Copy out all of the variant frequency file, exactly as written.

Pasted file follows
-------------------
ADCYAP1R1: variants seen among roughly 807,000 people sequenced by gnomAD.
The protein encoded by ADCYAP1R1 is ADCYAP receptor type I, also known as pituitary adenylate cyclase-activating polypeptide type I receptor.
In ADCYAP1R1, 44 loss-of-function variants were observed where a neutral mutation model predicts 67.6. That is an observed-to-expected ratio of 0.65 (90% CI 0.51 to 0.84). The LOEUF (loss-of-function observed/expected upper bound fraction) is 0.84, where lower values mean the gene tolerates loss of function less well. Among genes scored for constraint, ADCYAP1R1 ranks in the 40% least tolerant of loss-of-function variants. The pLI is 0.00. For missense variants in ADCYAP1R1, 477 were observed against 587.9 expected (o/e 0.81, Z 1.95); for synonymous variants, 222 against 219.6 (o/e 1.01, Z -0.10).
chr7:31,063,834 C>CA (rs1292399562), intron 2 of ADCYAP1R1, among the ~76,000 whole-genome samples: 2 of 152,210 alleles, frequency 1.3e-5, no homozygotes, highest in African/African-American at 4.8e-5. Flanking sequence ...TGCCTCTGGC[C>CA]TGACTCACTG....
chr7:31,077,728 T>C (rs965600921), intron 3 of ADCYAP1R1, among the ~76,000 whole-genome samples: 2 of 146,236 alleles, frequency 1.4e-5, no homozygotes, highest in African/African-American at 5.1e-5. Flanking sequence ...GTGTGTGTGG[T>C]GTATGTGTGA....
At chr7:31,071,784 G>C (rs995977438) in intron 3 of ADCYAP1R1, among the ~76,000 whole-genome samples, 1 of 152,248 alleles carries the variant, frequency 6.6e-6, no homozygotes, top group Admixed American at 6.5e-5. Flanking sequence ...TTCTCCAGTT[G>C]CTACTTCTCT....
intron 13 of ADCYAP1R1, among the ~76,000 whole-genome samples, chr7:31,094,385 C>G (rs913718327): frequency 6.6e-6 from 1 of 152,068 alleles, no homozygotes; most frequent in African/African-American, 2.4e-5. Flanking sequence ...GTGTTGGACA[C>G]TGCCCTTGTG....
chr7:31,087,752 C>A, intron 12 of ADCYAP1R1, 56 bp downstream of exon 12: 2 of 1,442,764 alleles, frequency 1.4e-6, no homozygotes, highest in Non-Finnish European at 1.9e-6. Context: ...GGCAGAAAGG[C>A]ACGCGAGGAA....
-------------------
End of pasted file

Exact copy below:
ADCYAP1R1: variants seen among roughly 807,000 people sequenced by gnomAD.
The protein encoded by ADCYAP1R1 is ADCYAP receptor type I, also known as pituitary adenylate cyclase-activating polypeptide type I receptor.
In ADCYAP1R1, 44 loss-of-function variants were observed where a neutral mutation model predicts 67.6. That is an observed-to-expected ratio of 0.65 (90% CI 0.51 to 0.84). The LOEUF (loss-of-function observed/expected upper bound fraction) is 0.84, where lower values mean the gene tolerates loss of function less well. Among genes scored for constraint, ADCYAP1R1 ranks in the 40% least tolerant of loss-of-function variants. The pLI is 0.00. For missense variants in ADCYAP1R1, 477 were observed against 587.9 expected (o/e 0.81, Z 1.95); for synonymous variants, 222 against 219.6 (o/e 1.01, Z -0.10).
chr7:31,063,834 C>CA (rs1292399562), intron 2 of ADCYAP1R1, among the ~76,000 whole-genome samples: 2 of 152,210 alleles, frequency 1.3e-5, no homozygotes, highest in African/African-American at 4.8e-5. Flanking sequence ...TGCCTCTGGC[C>CA]TGACTCACTG....
chr7:31,077,728 T>C (rs965600921), intron 3 of ADCYAP1R1, among the ~76,000 whole-genome samples: 2 of 146,236 alleles, frequency 1.4e-5, no homozygotes, highest in African/African-American at 5.1e-5. Flanking sequence ...GTGTGTGTGG[T>C]GTATGTGTGA....
At chr7:31,071,784 G>C (rs995977438) in intron 3 of ADCYAP1R1, among the ~76,000 whole-genome samples, 1 of 152,248 alleles carries the variant, frequency 6.6e-6, no homozygotes, top group Admixed American at 6.5e-5. Flanking sequence ...TTCTCCAGTT[G>C]CTACTTCTCT....
intron 13 of ADCYAP1R1, among the ~76,000 whole-genome samples, chr7:31,094,385 C>G (rs913718327): frequency 6.6e-6 from 1 of 152,068 alleles, no homozygotes; most frequent in African/African-American, 2.4e-5. Flanking sequence ...GTGTTGGACA[C>G]TGCCCTTGTG....
chr7:31,087,752 C>A, intron 12 of ADCYAP1R1, 56 bp downstream of exon 12: 2 of 1,442,764 alleles, frequency 1.4e-6, no homozygotes, highest in Non-Finnish European at 1.9e-6. Context: ...GGCAGAAAGG[C>A]ACGCGAGGAA....